Merkel's intervention in the French elections yesterday - effectively attacking Hollande by stating that there will be no renegotiation of the Fiscal Stability Treaty - strikes me as bizarre. If she's hoping that this will discredit Hollande and lead to voters voting Sarkozy, I can't see how it will work (will those who voted for the far-right be more willing to vote for the candidate closest to German policy, or the candidate who is almost setting himself up as the leader of an anti-German leadership alliance?).
It's also starting to seem a bit desperate. Hollande's position isn't really so radical: no renegotiation of the treaty itself, but some new measures before it will be adopted. Since 90% the treaty is already EU law, Merkel's discipline provisions are in reality safe from Hollande. Even the Eurobonds Hollande is proposing aren't connected to mutualising debt, but for investment in infrastructure, etc. Calls for the remit of the ECB to also have encouraging growth and employment as part of its task will find a lot of sympathy in other states too. Is Merkel really going to set her face against all of this?
The Eurozone crisis is worsening day by day and the same austerity approach isn't working for anyone (even in Ireland there is talk that a second bailout might be needed - indeed, the Yes side in favour of the Fiscal Stability Treaty relies on this need for access to bailout funds to gain support for the treaty). While economic reforms are necessary, this extreme austerity is an insane way of going about it. The German government wants its fellow Eurozone states in a strange limbo of danger, where there is enough stability that the reforms can be implemented, but sufficient economic danger to ensure governments will enact these reforms.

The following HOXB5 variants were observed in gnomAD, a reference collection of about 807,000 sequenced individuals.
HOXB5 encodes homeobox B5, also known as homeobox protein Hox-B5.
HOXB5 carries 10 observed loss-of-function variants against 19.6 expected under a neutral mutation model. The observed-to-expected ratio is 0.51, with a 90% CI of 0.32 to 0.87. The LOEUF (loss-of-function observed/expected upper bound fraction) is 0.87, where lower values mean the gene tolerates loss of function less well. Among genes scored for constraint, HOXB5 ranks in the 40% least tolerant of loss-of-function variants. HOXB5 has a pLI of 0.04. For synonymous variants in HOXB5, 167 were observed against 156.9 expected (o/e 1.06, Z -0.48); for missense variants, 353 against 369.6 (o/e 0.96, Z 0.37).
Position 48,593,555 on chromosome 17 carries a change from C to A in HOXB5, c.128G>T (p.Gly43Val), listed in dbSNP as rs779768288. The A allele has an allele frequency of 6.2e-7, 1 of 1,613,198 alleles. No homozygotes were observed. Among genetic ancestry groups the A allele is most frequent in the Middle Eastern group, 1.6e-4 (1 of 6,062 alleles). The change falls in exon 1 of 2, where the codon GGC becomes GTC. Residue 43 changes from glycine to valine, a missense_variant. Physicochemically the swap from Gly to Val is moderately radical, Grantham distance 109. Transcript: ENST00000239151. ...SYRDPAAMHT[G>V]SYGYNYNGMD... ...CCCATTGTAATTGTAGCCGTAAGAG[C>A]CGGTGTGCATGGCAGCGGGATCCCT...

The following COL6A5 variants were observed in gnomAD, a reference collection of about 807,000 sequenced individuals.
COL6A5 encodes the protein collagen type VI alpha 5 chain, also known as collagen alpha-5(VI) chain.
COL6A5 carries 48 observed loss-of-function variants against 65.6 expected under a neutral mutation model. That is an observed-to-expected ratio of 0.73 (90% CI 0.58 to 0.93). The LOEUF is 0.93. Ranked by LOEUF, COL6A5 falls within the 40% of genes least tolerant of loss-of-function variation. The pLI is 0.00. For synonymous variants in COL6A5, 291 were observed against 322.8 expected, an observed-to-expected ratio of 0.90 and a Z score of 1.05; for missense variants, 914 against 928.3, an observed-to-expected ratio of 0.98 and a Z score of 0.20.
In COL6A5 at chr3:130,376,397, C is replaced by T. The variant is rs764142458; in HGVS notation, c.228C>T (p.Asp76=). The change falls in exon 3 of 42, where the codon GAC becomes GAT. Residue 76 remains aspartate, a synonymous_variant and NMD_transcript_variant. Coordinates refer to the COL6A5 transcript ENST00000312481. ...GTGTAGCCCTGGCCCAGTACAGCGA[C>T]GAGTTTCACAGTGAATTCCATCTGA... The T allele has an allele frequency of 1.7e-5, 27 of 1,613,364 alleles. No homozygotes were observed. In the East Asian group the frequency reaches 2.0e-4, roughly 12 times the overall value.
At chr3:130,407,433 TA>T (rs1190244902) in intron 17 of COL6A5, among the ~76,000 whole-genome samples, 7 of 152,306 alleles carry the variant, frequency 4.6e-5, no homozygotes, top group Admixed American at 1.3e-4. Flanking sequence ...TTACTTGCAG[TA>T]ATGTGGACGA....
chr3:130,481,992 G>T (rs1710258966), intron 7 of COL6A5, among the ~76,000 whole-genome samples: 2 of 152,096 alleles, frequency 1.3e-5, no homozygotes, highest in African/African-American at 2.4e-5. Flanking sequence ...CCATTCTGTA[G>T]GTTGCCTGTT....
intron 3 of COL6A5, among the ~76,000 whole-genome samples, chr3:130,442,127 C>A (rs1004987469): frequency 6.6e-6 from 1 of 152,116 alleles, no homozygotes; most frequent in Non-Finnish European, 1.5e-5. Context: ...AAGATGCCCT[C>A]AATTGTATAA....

While the German government may think it's the only way bailout states won't flush money down the drain, the political logic doesn't - and cannot - add up. The lack of a solution simply worsens the situation and spreads the crisis to yet more Eurozone states, while draining away the political support for the Euro in general, leaving people cynical that any of this mystic summitry the European Council engages in is a waste of time. All pain, no gain.
For Merkel to refuse even Hollande's modest proposals would be disastrous. The political winds are starting to blow against austerity, and Germany's great adapter will have a very tumultuous EU on her hands if she decides she won't give an inch.